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Kim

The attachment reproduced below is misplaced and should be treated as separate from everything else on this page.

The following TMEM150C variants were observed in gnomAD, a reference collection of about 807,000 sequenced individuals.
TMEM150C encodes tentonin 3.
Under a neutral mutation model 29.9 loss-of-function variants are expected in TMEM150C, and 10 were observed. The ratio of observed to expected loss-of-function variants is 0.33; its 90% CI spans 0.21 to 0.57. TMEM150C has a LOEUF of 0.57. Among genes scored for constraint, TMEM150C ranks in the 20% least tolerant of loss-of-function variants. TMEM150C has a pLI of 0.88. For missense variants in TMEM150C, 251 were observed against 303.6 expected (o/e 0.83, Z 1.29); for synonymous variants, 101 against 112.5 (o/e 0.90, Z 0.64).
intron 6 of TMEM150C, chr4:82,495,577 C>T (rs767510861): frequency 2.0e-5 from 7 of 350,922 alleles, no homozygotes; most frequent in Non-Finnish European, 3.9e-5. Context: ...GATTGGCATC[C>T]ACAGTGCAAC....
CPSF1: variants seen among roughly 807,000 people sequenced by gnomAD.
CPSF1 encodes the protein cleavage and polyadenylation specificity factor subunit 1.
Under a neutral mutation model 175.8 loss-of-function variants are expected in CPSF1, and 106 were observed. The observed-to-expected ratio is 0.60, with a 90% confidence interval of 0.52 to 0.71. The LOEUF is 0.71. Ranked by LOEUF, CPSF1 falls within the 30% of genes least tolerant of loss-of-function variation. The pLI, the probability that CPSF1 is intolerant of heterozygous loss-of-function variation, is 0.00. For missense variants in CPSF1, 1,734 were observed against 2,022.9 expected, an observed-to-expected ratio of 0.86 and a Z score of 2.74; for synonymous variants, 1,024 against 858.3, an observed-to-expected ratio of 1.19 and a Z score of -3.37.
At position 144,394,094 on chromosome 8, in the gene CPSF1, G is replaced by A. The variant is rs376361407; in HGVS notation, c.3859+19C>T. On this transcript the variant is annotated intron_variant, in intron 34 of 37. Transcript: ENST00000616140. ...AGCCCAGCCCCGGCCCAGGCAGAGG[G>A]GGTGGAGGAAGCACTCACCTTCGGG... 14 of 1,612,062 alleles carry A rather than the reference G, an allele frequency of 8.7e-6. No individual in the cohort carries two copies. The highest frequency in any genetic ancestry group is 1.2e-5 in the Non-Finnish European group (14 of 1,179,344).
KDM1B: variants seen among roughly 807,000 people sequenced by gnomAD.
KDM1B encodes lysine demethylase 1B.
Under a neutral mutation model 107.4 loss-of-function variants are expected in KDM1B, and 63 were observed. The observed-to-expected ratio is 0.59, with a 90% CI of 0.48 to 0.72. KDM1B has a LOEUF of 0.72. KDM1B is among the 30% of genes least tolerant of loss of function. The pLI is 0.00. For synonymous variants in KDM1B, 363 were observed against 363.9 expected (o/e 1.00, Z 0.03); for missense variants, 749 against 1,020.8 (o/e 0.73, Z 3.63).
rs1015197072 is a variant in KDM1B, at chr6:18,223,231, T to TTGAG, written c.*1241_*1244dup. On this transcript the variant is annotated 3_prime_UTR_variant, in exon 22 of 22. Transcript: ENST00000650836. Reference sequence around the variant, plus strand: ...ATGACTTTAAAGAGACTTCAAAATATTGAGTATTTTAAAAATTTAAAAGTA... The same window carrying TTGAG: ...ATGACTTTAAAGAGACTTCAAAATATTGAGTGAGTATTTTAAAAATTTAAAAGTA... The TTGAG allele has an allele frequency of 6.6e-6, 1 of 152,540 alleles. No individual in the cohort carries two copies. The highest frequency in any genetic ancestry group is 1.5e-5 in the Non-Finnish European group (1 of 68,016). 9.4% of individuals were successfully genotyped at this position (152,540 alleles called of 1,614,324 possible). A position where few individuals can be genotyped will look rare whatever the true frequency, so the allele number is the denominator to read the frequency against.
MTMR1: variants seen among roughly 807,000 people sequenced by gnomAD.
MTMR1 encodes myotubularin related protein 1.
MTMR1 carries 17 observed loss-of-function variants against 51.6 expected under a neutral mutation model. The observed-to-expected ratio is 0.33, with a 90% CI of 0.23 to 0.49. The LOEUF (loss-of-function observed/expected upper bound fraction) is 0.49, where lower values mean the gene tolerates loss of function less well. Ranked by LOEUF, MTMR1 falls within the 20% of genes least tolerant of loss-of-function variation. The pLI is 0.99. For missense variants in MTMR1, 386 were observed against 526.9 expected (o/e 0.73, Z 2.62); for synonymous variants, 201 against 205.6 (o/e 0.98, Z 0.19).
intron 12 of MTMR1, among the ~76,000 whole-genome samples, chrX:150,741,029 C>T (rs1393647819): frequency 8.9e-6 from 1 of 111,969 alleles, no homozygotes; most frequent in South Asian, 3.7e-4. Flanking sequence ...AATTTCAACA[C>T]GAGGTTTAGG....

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He trotted off to the open shop of a kunjri, a low-caste vegetable-seller, which lay opposite the belt-tramway line down the Motee Bazar. She knew Kim of old. </P> <P> 'Oho, hast thou turned yogi with thy begging-bowl?' she cried. </P> <P> 'Nay.' said Kim proudly. 'There is a new priest in the city&mdash;a man such as I have never seen.' </P> <P> 'Old priest&mdash;young tiger,' said the woman angrily. 'I am tired of new priests! They settle on our wares like flies. Is the father of my son a well of charity to give to all who ask?' </P> <P> 'No,' said Kim. 'Thy man is rather yagi [bad-tempered] than yogi [a holy man]. But this priest is new. The Sahib in the Wonder House has talked to him like a brother. O my mother, fill me this bowl. He waits.' </P> <P> 'That bowl indeed! That cow-bellied basket! Thou hast as much grace as the holy bull of Shiv. He has taken the best of a basket of onions already, this morn; and forsooth, I must fill thy bowl. He comes here again.' </P> <P> The huge, mouse-coloured Brahmini bull of the ward was shouldering his way through the many-coloured crowd, a stolen plantain hanging out of his mouth. He headed straight for the shop, well knowing his privileges as a sacred beast, lowered his head, and puffed heavily along the line of baskets ere making his choice. Up flew Kim's hard little heel and caught him on his moist blue nose. He snorted indignantly, and walked away across the tram-rails, his hump quivering with rage. </P> <P> 'See! I have saved more than the bowl will cost thrice over. Now, mother, a little rice and some dried fish atop&mdash;yes, and some vegetable curry.' </P> <P> A growl came out of the back of the shop, where a man lay. </P> <P> 'He drove away the bull,' said the woman in an undertone. 'It is good to give to the poor.' She took the bowl and returned it full of hot rice. </P> <P> 'But my yogi is not a cow,' said Kim gravely, making a hole with his fingers in the top of the mound. 'A little curry is good, and a fried cake, and a morsel of conserve would please him, I think.' </P> <P> 'It is a hole as big as thy head,' said the woman fretfully. But she filled it, none the less, with good, steaming vegetable curry, clapped a fried cake atop, and a morsel of clarified butter on the cake, dabbed a lump of sour tamarind conserve at the side; and Kim looked at the load lovingly. </P> <P> 'That is good. When I am in the bazar the bull shall not come to this house. He is a bold beggar-man.' </P> <P> 'And thou?' laughed the woman. 'But speak well of bulls. Hast thou not told me that some day a Red Bull will come out of a field to help thee? Now hold all straight and ask for the holy man's blessing upon me. Perhaps, too, he knows a cure for my daughter's sore eyes. Ask. him that also, O thou Little Friend of all the World.' </P> <P> But Kim had danced off ere the end of the sentence, dodging pariah dogs and hungry acquaintances. </P> <P> 'Thus do we beg who know the way of it,' said he proudly to the lama, who opened his eyes at the contents of the bowl. 'Eat now and&mdash;I will eat with thee. Ohe, bhisti!' he called to the water-carrier, sluicing the crotons by the Museum. 'Give water here. We men are thirsty.' </P> <P> 'We men!' said the bhisti, laughing. 'Is one skinful enough for such a pair? Drink, then, in the name of the Compassionate.' </P> <P> He loosed a thin stream into Kim's hands, who drank native fashion; but the lama must needs pull out a cup from his inexhaustible upper draperies and drink ceremonially. </P> <P> 'Pardesi [a foreigner],' Kim explained, as the old man delivered in an unknown tongue what was evidently a blessing. </P> <P> They ate together in great content, clearing the beggingbowl. Then the lama took snuff from a portentous wooden snuff-gourd, fingered his rosary awhile, and so dropped into the easy sleep of age, as the shadow of Zam-Zammah grew long. </P> <P> Kim loafed over to the nearest tobacco-seller, a rather lively young Mohammedan woman, and begged a rank cigar of the brand that they sell to students of the Punjab University who copy English customs. Then he smoked and thought, knees to chin, under the belly of the gun, and the outcome of his thoughts was a sudden and stealthy departure in the direction of Nila Ram's timber-yard. </P> <P> The lama did not wake till the evening life of the city had begun with lamp-lighting and the return of white-robed clerks and subordinates from the Government offices. He stared dizzily in all directions, but none looked at him save a Hindu urchin in a dirty turban and Isabella-coloured clothes. Suddenly he bowed his head on his knees and wailed. </P> <P> 'What is this?' said the boy, standing before him. 'Hast thou been robbed?' </P> <P> 'It is my new chela [disciple] that is gone away from me, and I know not where he is.' </P> <P> 'And what like of man was thy disciple?' </P> <P> 'It was a boy who came to me in place of him who died, on account of the merit which I had gained when I bowed before the Law within there.' He pointed towards the Museum. 'He came upon me to show me a road which I had lost. He led me into the Wonder House, and by his talk emboldened me to speak to the Keeper of the Images, so that I was cheered and made strong. And when I was faint with hunger he begged for me, as would a chela for his teacher. Suddenly was he sent. Suddenly has he gone away. It was in my mind to have taught him the Law upon the road to Benares.' </P> <P> Kim stood amazed at this, because he had overheard the talk in the Museum, and knew that the old man was speaking the truth, which is a thing a native on the road seldom presents to a stranger. </P> <P> 'But I see now that he was but sent for a purpose. By this I know that I shall find a certain River for which I seek.' </P> <P> 'The River of the Arrow?' said Kim, with a superior smile. </P> <P> 'Is this yet another Sending?' cried the lama. 'To none have I spoken of my search, save to the Priest of the Images. Who art thou?' </P> <P> 'Thy chela,' said Kim simply, sitting on his heels. 'I have never seen anyone like to thee in all this my life. I go with thee to Benares. And, too, I think that so old a man as thou, speaking the truth to chance-met people at dusk, is in great need of a disciple.' </P> <P> 'But the River&mdash;the River of the Arrow?' </P> <P> 'Oh, that I heard when thou wast speaking to the Englishman. I lay against the door.' </P> <P> The lama sighed. 'I thought thou hadst been a guide permitted. Such things fall sometimes&mdash;but I am not worthy. Thou dost not, then, know the River?' </P> <P> 'Not I,' Kim laughed uneasily. 'I go to look for&mdash;for a bull&mdash;a Red. Bull on a green field who shall help me.' Boylike, if an acquaintance had a scheme, Kim was quite ready with one of his own; and, boylike, he had really thought for as much as twenty minutes at a time of his father's prophecy. </P> <P> 'To what, child?' said the lama. </P> <P> 'God knows, but so my father told me'. I heard thy talk in the Wonder House of all those new strange places in the Hills, and if one so old and so little&mdash;so used to truth-telling&mdash;may go out for the small matter of a river, it seemed to me that I too must go a-travelling. If it is our fate to find those things we shall find them&mdash;thou, thy River; and I, my Bull, and the Strong Pillars and some other matters that I forget.' </P> <P> 'It is not pillars but a Wheel from which I would be free,' said the lama. </P> <P> 'That is all one. Perhaps they will make me a king,' said Kim, serenely prepared for anything. </P> <P> 'I will teach thee other and better desires upon the road,' the lama replied in the voice of authority. 'Let us go to Benares.' </P> <P> 'Not by night. Thieves are abroad. Wait till the day.' </P> <P> 'But there is no place to sleep.' The old man was used to the order of his monastery, and though he slept on the ground, as the Rule decrees, preferred a decency in these things. </P> <P> 'We shall get good lodging at the Kashmir Serai,' said Kim, laughing at his perplexity. 'I have a friend there. Come!' </P> <P> The hot and crowded bazars blazed with light as they made their way through the press of all the races in Upper India, and the lama mooned through it like a man in a dream. It was his first experience of a large manufacturing city, and the crowded tram-car with its continually squealing brakes frightened him. Half pushed, half towed, he arrived at the high gate of the Kashmir Serai: that huge open square over against the railway station, surrounded with arched cloisters, where the camel and horse caravans put up on their return from Central Asia. Here were all manner of Northern folk, tending tethered ponies and kneeling camels; loading and unloading bales and bundles; drawing water for the evening meal at the creaking well-windlasses; piling grass before the shrieking, wild-eyed stallions; cuffing the surly caravan dogs; paying off camel-drivers; taking on new grooms; swearing, shouting, arguing, and chaffering in the packed square. The cloisters, reached by three or four masonry steps, made a haven of refuge around this turbulent sea. Most of them were rented to traders, as we rent the arches of a viaduct; the space between pillar and pillar being bricked or boarded off into rooms, which were guarded by heavy wooden doors and cumbrous native padlocks. Locked doors showed that the owner was away, and a few rude&mdash;sometimes very rude&mdash;chalk or paint scratches told where he had gone. Thus: 'Lutuf Ullah is gone to Kurdistan.' Below, in coarse verse: 'O Allah, who sufferest lice to live on the coat of a Kabuli, why hast thou allowed this louse Lutuf to live so long?' </P> <P> Kim, fending the lama between excited men and excited beasts, sidled along the cloisters to the far end, nearest therailway station, where Mahbub Ali, the horse-trader, lived when he came in from that mysterious land beyond the Passes of the North. </P> <P> Kim had had many dealings with Mahbub in his little life, especially between his tenth and his thirteenth year&mdash;and the big burly Afghan, his beard dyed scarlet with lime (for he was elderly and did not wish his grey hairs to show), knew the boy's value as a gossip. Sometimes he would tell Kim to watch a man who had nothing whatever to do with horses: to follow him for one whole day and report every soul with whom he talked. Kim would deliver himself of his tale at evening, and Mahbub would listen without a word or gesture. It was intrigue of some kind, Kim knew; but its worth lay in saying nothing whatever to anyone except Mahbub, who gave him beautiful meals all hot from the cookshop at the head of the serai, and once as much as eight annas in money. </P> <P> 'He is here,' said Kim, hitting a bad-tempered camel on the nose. 'Ohe. Mahbub Ali!' He halted at a dark arch and slipped behind the bewildered lama. </P> <P> The horse-trader, his deep, embroidered Bokhariot belt unloosed, was lying on a pair of silk carpet saddle-bags, pulling lazily at an immense silver hookah. He turned his head very slightly at the cry; and seeing only the tall silent figure, chuckled in his deep chest. </P> <P> 'Allah! A lama! A Red Lama! It is far from Lahore to the Passes. What dost thou do here?' </P> <P> The lama held out the begging-bowl mechanically. </P> <P> 'God's curse on all unbelievers!' said Mahbub. 'I do not give to a lousy Tibetan; but ask my Baltis over yonder behind the camels. They may value your blessings. Oh, horseboys, here is a countryman of yours. See if he be hungry.' </P> <P> A shaven, crouching Balti, who had come down with the horses, and who was nominally some sort of degraded Buddhist, fawned upon the priest, and in thick gutturals besought the Holy One to sit at the horseboys' fire. </P> <P> 'Go!' said Kim, pushing him lightly, and the lama strode away, leaving Kim at the edge of the cloister. </P> <P> 'Go!' said Mahbub Ali, returning to his hookah. 'Little Hindu, run away. God's curse on all unbelievers! Beg from those of my tail who are of thy faith.' </P> <P> 'Maharaj,' whined Kim, using the Hindu form of address, and thoroughly enjoying the situation; 'my father is dead&mdash;my mother is dead&mdash;my stomach is empty.' </P> <P> 'Beg from my men among the horses, I say. There must be some Hindus in my tail.' </P> <P> 'Oh, Mahbub Ali, but am I a Hindu?' said Kim in English. </P> <P> The trader gave no sign of astonishment, but looked under shaggy eyebrows. </P> <P> 'Little Friend of all the World,' said he, 'what is this?' </P> <P> 'Nothing. I am now that holy man's disciple; and we go a pilgrimage together&mdash;to Benares, he says. He is quite mad, and I am tired of Lahore city. I wish new air and water.' </P> <P> 'But for whom dost thou work? Why come to me?' The voice was harsh with suspicion. </P> <P> 'To whom else should I come? I have no money. It is not good to go about without money. Thou wilt sell many horses to the officers. They are very fine horses, these new ones: I have seen them. Give me a rupee, Mahbub Ali, and when I come to my wealth I will give thee a bond and pay.' </P> <P> 'Um!' said Mahbub Ali, thinking swiftly. 'Thou hast never before lied to me. Call that lama&mdash;stand back in the dark.' </P> <P> 'Oh, our tales will agree,' said Kim, laughing. </P> <P> 'We go to Benares,' said the lama, as soon as he understood the drift of Mahbub Ali's questions. 'The boy and I, I go to seek for a certain River.' </P> <P> 'Maybe&mdash;but the boy?' </P> <P> 'He is my disciple. He was sent, I think, to guide me to that River. Sitting under a gun was I when he came suddenly. Such things have befallen the fortunate to whom guidance was allowed. But I remember now, he said he was of this world&mdash;a Hindu.' </P> <P> 'And his name?' </P> <P> 'That I did not ask. Is he not my disciple?' </P> <P> 'His country&mdash;his race&mdash;his village? Mussalman&mdash;Sikh Hindu&mdash;Jain&mdash;low caste or high?' </P> <P> 'Why should I ask? There is neither high nor low in the Middle Way. If he is my chela&mdash;does&mdash;will&mdash;can anyone take him from me? for, look you, without him I shall not find my River.' He wagged his head solemnly. </P> <P> 'None shall take him from thee. Go, sit among my Baltis,' said Mahbub Ali, and the lama drifted off, soothed by the promise. </P> <P> 'Is he not quite mad?' said Kim, coming forward to the light again. 'Why should I lie to thee, Hajji?' </P> <P> Mahbub puffed his hookah in silence. Then he began, almost whispering: 'Umballa is on the road to Benares&mdash;if indeed ye two go there.' </P> <P> 'Tck! Tck! I tell thee he does not know how to lie&mdash;as we two know.' </P> <P> 'And if thou wilt carry a message for me as far as Umballa, I will give thee money. It concerns a horse&mdash;a white stallion which I have sold to an officer upon the last time I returned from the Passes. But then&mdash;stand nearer and hold up hands as begging&mdash;the pedigree of the white stallion was not fully established, and that officer, who is now at Umballa, bade me make it clear.' (Mahbub here described the horse and the appearance of the officer.) 'So the message to that officer will be: "The pedigree of the white stallion is fully established." By this will he know that thou comest from me. He will then say "What proof hast thou?" and thou wilt answer: "Mahbub Ali has given me the proof."' </P> <P> 'And all for the sake of a white stallion,' said Kim, with a giggle, his eyes aflame. </P> <P> 'That pedigree I will give thee now&mdash;in my own fashion and some hard words as well.' A shadow passed behind Kim, and a feeding camel. Mahbub Ali raised his voice. </P> <P> 'Allah! Art thou the only beggar in the city? Thy mother is dead. Thy father is dead. So is it with all of them. Well, well&mdash;' </P> <P> He turned as feeling on the floor beside him and tossed a flap of soft, greasy Mussalman bread to the boy. 'Go and lie down among my horseboys for tonight&mdash;thou and the lama. Tomorrow I may give thee service.' </P> <P> Kim slunk away, his teeth in the bread, and, as he expected, he found a small wad of folded tissue-paper wrapped in oilskin, with three silver rupees&mdash;enormous largesse. He smiled and thrust money and paper into his leather amulet-case. The lama, sumptuously fed by Mahbub's Baltis, was already asleep in a corner of one of the stalls. Kim lay down beside him and laughed. He knew he had rendered a service to Mahbub Ali, and not for one little minute did he believe the tale of the stallion's pedigree. </P> <P> But Kim did not suspect that Mahbub Ali, known as one of the best horse-dealers in the Punjab, a wealthy and enterprising trader, whose caravans penetrated far and far into the Back of Beyond, was registered in one of the locked books of the Indian Survey Department as C25 IB. Twice or thrice yearly C25 would send in a little story, baldly told but most interesting, and generally&mdash;it was checked by the statements of R17 and M4&mdash;quite true. It concerned all manner of out-of-the-way mountain principalities, explorers of nationalities other than English, and the guntrade&mdash;was, in brief, a small portion of that vast mass of 'information received' on which the Indian Government acts. But, recently, five confederated Kings, who had no business to confederate, had been informed by a kindly Northern Power that there was a leakage of news from their territories into British India. So those Kings' Prime Ministers were seriously annoyed and took steps, after the Oriental fashion. They suspected, among many others, the bullying, red-bearded horsedealer whose caravans ploughed through their fastnesses belly-deep in snow. At least, his caravan that season had been ambushed and shot at twice on the way down, when Mahbub's men accounted for three strange ruffians who might, or might not, have been hired for the job. Therefore Mahbub had avoided halting at the insalubrious city of Peshawur, and had come through without stop to Lahore, where, knowing his country-people, he anticipated curious developments. </P> <P> And there was that on Mahbub Ali which he did not wish to keep an hour longer than was necessary&mdash;a wad of closely folded tissue-paper, wrapped in oilskin&mdash;an impersonal, unaddressed statement, with five microscopic pin-holes in one corner, that most scandalously betrayed the five confederated Kings, the sympathetic Northern Power, a Hindu banker in Peshawur, a firm of gun-makers in Belgium, and an important, semi-independent Mohammedan ruler to the south. This last was R17's work, which Mahbub had picked up beyond the Dora Pass and was carrying in for R17, who, owing to circumstances over which he had no control, could not leave his post of observation. Dynamite was milky and innocuous beside that report of C25; and even an Oriental, with an Oriental's views of the value of time, could see that the sooner it was in the proper hands the better. Mahbub had no particular desire to die by violence, because two or three family blood-feuds across the Border hung unfinished on his hands, and when these scores were cleared he intended to settle down as a more or less virtuous citizen. He had never passed the serai gate since his arrival two days ago, but had been ostentatious in sending telegrams to Bombay, where he banked some of his money; to Delhi, where a sub-partner of his own clan was selling horses to the agent of a Rajputana state; and to Umballa, where an Englishman was excitedly demanding the pedigree of a white stallion. The public letter-writer, who knew English, composed excellent telegrams, such as: 'Creighton, Laurel Bank, Umballa. Horse is Arabian as already advised. Sorrowful delayed pedigree which am translating.' And later to the same address: 'Much sorrowful delay. Will forward pedigree.' To his sub-partner at Delhi he wired: 'Lutuf Ullah. Have wired two thousand rupees your credit Luchman Narain's bank&mdash;' This was entirely in the way of trade, but every one of those telegrams was discussed and rediscussed, by parties who conceived themselves to be interested, before they went over to the railway station in charge of a foolish Balti, who allowed all sorts of people to read them on the road. </P> <P> When, in Mahbub's own picturesque language, he had muddied the wells of inquiry with the stick of precaution, Kim had dropped on him, sent from Heaven; and, being as prompt as he was unscrupulous, Mahbub Ali used to taking all sorts of gusty chances, pressed him into service on the spot. </P> <P> A wandering lama with a low-caste boy-servant might attract a moment's interest as they wandered about India, the land of pilgrims; but no one would suspect them or, what was more to the point, rob. </P> <P> He called for a new light-ball to his hookah, and considered the case. If the worst came to the worst, and the boy came to harm, the paper would incriminate nobody. And he would go up to Umballa leisurely and&mdash;at a certain risk of exciting fresh suspicion&mdash;repeat his tale by word of mouth to the people concerned. </P> <P> But R17's report was the kernel of the whole affair, and it would be distinctly inconvenient if that failed to come to hand. However, God was great, and Mahbub Ali felt he had done all he could for the time being. Kim was the one soul in the world who had never told him a lie. That would have been a fatal blot on Kim's character if Mahbub had not known that to others, for his own ends or Mahbub's business, Kim could lie like an Oriental. </P> <P> Then Mahbub Ali rolled across the serai to the Gate of the Harpies who paint their eyes and trap the stranger, and was at some pains to call on the one girl who, he had reason to believe, was a particular friend of a smooth-faced Kashmiri pundit who had waylaid his simple Balti in the matter of the telegrams. It was an utterly foolish thing to do; because they fell to drinking perfumed brandy against the Law of the Prophet, and Mahbub grew wonderfully drunk, and the gates of his mouth were loosened, and he pursued the Flower of Delight with the feet of intoxication till he fell flat among the cushions, where the Flower of Delight, aided by a smooth-faced Kashmiri pundit, searched him from head to foot most thoroughly. </P> <P> About the same hour Kim heard soft feet in Mahbub's deserted stall. The horse-trader, curiously enough, had left his door unlocked, and his men were busy celebrating their return to India with a whole sheep of Mahbub's bounty. A sleek young gentleman from Delhi, armed with a bunch of keys which the Flower had unshackled from the senseless one's belt, went through every single box, bundle, mat, and saddle-bag in Mahbub's possession even more systematically than the Flower and the pundit were searching the owner. </P> <P> 'And I think.' said the Flower scornfully an hour later, one rounded elbow on the snoring carcass, 'that he is no more than a pig of an Afghan horse-dealer, with no thought except women and horses. Moreover, he may have sent it away by now&mdash;if ever there were such a thing.' </P> <P> 'Nay&mdash;in a matter touching Five Kings it would be next his black heart,' said the pundit. 'Was there nothing?' </P> <P> The Delhi man laughed and resettled his turban as he entered. 'I searched between the soles of his slippers as the Flower searched his clothes. This is not the man but another. I leave little unseen.' </P> <P> 'They did not say he was the very man,' said the pundit thoughtfully. 'They said, "Look if he be the man, since our counsels are troubled."' </P> <P> 'That North country is full of horse-dealers as an old coat of lice. There is Sikandar Khan, Nur Ali Beg, and Farrukh Shah all heads of kafilas [caravans]&mdash;who deal there,' said the Flower. </P> <P> 'They have not yet come in,' said the pundit. 'Thou must ensnare them later.' </P> <P> Phew!' said the Flower with deep disgust, rolling Mahbub's head from her lap. 'I earn my money. Farrukh Shah is a bear, Ali Beg a swashbuckler, and old Sikandar Khan&mdash;yaie! Go! I sleep now. This swine will not stir till dawn.' </P> <P> When Mahbub woke, the Flower talked to him severely on the sin of drunkenness. Asiatics do not wink when they have outmanoeuvred an enemy, but as Mahbub Ali cleared his throat, tightened his belt, and staggered forth under the early morning stars, he came very near to it. </P> <P> 'What a colt's trick!' said he to himself. 'As if every girl in Peshawur did not use it! But 'twas prettily done. Now God He knows how many more there be upon the Road who have orders to test me&mdash;perhaps with the knife. So it stands that the boy must go to Umballa&mdash;and by rail&mdash;for the writing is something urgent. I abide here, following the Flower and drinking wine as an Afghan coper should.' </P> <P> He halted at the stall next but one to his own. His men lay there heavy with sleep. There was no sign of Kim or the lama. </P> <P> 'Up!' He stirred a sleeper. 'Whither went those who lay here last even&mdash;the lama and the boy? Is aught missing?' </P> <P> 'Nay,' grunted the man, 'the old madman rose at second cockcrow saying he would go to Benares, and the young one led him away.' </P> <P> 'The curse of Allah on all unbelievers!' said Mahbub heartily, and climbed into his own stall, growling in his beard. </P> <P> But it was Kim who had wakened the lama&mdash;Kim with one eye laid against a knot-hole in the planking, who had seen the Delhi man's search through the boxes. This was no common thief that turned over letters, bills, and saddles&mdash;no mere burglar who ran a little knife sideways into the soles of Mahbub's slippers, or picked the seams of the saddle-bags so deftly. At first Kim had been minded to give the alarm&mdash;the long-drawn choor&mdash;choor! [thief! thief!] that sets the serai ablaze of nights; but he looked more carefully, and, hand on amulet, drew his own conclusions. </P> <P> 'It must be the pedigree of that made-up horse-lie,' said he, 'the thing that I carry to Umballa. Better that we go now. Those who search bags with knives may presently search bellies with knives. Surely there is a woman behind this. Hai! Hai! in a whisper to the light-sleeping old man. 'Come. It is time&mdash;time to go to Benares.' </P> <P> The lama rose obediently, and they passed out of the serai like shadows. </P> <BR><BR><BR>